Derek Fudge

Derek Fudge is the National Director of Policy Development with the 370,000-member National Union of Public and General Employees. He has worked for NUPGE for 27 years. He is a graduate of Harvard University’s Trade Union Program and has a Masters degree in Social Policy and Administration from Carleton University and a Bachelor of Social Work degree from Memorial University of Newfoundland & Labrador.
Derek’s areas of expertise are in the fields of labour law, pensions, human rights and international solidarity. He is the author of Collective Bargaining in Canada: Human Right or Canadian Illusion? published in August 2006 and Future Considerations: A Pension Manual for Union Activists published in November 2007. Derek has also had several research papers and articles published in labour and social policy journals. He has been a guest speaker at a number of national and international conferences. In November 2000, Derek was elected as the first-ever Canadian Labour Congress Vice-President (Persons with Disabilities) and served as a member of the CLC Executive Council for four years. He has been active in the NDP for over 30 years and is a member of the NDP Federal Council.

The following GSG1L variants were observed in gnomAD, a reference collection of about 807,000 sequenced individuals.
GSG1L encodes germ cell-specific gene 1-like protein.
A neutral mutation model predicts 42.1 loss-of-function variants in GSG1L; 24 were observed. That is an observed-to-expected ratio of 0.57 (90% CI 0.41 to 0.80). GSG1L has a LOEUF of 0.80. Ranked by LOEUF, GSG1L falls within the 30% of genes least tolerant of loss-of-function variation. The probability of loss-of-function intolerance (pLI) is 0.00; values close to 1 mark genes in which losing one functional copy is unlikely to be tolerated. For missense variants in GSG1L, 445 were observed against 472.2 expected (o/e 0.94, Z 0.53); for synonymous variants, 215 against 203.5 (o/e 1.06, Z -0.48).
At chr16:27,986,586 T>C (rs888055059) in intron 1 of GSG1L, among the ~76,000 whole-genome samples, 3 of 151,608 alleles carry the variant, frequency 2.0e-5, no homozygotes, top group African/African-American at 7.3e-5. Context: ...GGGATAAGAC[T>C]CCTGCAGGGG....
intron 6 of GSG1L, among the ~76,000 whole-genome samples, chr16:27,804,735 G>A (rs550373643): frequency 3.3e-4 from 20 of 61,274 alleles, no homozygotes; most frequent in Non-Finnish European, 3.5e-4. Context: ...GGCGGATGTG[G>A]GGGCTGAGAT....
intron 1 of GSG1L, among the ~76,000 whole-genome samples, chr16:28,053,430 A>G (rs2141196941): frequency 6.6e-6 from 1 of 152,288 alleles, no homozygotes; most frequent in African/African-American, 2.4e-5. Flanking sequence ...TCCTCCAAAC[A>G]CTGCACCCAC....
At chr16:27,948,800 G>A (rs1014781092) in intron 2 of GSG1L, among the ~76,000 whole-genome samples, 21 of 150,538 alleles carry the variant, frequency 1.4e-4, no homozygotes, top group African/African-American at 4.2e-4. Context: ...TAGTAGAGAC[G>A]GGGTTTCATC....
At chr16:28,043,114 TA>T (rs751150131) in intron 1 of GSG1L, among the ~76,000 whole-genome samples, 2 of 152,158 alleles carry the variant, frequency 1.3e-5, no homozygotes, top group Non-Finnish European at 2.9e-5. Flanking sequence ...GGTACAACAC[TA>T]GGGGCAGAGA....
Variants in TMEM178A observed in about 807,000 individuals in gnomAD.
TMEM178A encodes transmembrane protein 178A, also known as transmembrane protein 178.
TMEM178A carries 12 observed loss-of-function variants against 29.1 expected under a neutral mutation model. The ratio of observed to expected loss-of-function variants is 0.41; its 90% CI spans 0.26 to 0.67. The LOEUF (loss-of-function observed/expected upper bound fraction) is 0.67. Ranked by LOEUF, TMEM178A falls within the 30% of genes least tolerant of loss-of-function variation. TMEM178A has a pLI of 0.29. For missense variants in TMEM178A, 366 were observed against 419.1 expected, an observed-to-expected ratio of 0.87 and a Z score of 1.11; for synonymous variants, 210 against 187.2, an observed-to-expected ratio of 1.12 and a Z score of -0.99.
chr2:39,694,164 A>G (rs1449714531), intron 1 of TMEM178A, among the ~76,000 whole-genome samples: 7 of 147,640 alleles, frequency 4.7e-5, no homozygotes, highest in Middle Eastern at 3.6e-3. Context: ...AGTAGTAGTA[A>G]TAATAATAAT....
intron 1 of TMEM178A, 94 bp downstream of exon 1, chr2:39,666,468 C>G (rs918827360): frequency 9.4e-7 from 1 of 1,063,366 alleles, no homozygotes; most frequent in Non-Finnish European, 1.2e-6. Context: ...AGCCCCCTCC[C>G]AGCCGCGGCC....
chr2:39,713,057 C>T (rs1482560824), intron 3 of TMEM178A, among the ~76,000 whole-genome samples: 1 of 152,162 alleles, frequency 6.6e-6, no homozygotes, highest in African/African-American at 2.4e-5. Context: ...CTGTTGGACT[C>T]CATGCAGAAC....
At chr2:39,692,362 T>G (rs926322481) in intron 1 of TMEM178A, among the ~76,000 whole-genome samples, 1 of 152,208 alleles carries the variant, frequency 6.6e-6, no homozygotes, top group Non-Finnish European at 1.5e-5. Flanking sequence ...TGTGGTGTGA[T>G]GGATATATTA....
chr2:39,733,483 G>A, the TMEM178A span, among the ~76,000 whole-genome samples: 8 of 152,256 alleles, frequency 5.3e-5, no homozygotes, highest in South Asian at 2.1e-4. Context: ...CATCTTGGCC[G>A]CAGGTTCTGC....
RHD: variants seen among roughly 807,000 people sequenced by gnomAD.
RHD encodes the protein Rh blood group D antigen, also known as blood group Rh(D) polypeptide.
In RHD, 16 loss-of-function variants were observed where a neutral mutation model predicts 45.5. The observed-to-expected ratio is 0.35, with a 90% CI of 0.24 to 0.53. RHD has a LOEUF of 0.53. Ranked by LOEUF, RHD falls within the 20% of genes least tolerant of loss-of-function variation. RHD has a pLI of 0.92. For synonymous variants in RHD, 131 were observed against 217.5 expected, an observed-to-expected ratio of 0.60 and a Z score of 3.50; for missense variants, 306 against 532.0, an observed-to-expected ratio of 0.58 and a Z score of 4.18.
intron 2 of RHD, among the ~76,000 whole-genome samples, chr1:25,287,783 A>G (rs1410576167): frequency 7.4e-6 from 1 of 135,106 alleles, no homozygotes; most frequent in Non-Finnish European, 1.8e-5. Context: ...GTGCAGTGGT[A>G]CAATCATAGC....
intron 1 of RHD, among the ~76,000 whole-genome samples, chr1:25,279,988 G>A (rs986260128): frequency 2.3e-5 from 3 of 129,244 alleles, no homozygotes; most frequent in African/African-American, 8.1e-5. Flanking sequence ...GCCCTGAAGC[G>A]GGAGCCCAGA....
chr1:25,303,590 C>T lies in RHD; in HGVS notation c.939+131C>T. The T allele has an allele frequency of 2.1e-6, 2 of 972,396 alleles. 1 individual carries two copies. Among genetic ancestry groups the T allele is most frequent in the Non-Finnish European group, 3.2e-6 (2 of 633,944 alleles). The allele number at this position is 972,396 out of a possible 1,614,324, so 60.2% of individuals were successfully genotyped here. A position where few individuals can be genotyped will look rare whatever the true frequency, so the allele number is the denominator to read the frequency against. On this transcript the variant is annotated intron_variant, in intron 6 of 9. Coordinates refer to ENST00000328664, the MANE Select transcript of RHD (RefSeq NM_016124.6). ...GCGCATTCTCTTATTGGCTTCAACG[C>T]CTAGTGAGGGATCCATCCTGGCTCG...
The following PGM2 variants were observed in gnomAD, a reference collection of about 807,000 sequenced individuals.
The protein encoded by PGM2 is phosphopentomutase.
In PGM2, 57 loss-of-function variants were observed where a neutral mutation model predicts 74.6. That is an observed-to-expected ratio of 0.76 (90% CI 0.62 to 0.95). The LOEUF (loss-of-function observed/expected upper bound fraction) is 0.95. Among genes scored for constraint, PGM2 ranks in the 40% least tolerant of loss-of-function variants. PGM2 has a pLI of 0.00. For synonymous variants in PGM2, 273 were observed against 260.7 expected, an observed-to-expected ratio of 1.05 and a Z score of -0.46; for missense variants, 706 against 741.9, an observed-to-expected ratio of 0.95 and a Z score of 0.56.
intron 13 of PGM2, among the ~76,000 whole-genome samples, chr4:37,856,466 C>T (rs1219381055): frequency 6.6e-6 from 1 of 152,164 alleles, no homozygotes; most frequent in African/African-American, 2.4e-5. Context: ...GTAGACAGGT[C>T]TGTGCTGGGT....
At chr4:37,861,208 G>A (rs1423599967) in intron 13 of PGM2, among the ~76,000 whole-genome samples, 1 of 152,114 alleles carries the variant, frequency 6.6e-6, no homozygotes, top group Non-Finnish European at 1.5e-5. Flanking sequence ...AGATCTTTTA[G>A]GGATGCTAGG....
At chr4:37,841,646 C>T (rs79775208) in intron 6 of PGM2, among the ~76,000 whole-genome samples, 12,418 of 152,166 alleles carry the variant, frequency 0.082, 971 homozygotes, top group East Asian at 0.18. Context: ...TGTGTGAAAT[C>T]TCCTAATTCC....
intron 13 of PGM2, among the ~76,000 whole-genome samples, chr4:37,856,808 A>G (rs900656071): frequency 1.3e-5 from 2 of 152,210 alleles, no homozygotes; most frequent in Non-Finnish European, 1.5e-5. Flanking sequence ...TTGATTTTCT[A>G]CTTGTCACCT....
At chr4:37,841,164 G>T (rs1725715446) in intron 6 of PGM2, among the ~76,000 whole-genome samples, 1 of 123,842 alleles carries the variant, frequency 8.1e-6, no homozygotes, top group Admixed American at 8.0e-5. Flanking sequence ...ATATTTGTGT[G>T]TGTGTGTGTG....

He was born and raised in Corner Brook, Newfoundland and Labrador where his family has had long history of activism in the province’s labour movement. His father, the late Baxter Fudge, is a member of the Canadian Labour Hall of Fame and was a founding organizer and President of the first-ever NDP party in Canada-the Newfoundland Democratic Party - established in 1959.

  • Collective Bargaining in Canada, 2nd Edition

    Human Rights or Canadian Illusion?

    By Derek Fudge     December 2005

    “Canada’s reputation as an international champion of human rights falls appallingly short when it comes to the question of workers’ rights. While we are among the first nations to sign international labour conventions, too often we break them when they prove inconvenient at home. This timely and valuable publication chronicles a list of these abuses, and challenges us as a nation to reclaim our once shining international reputation.” –ED BROADBENT, FORMER MP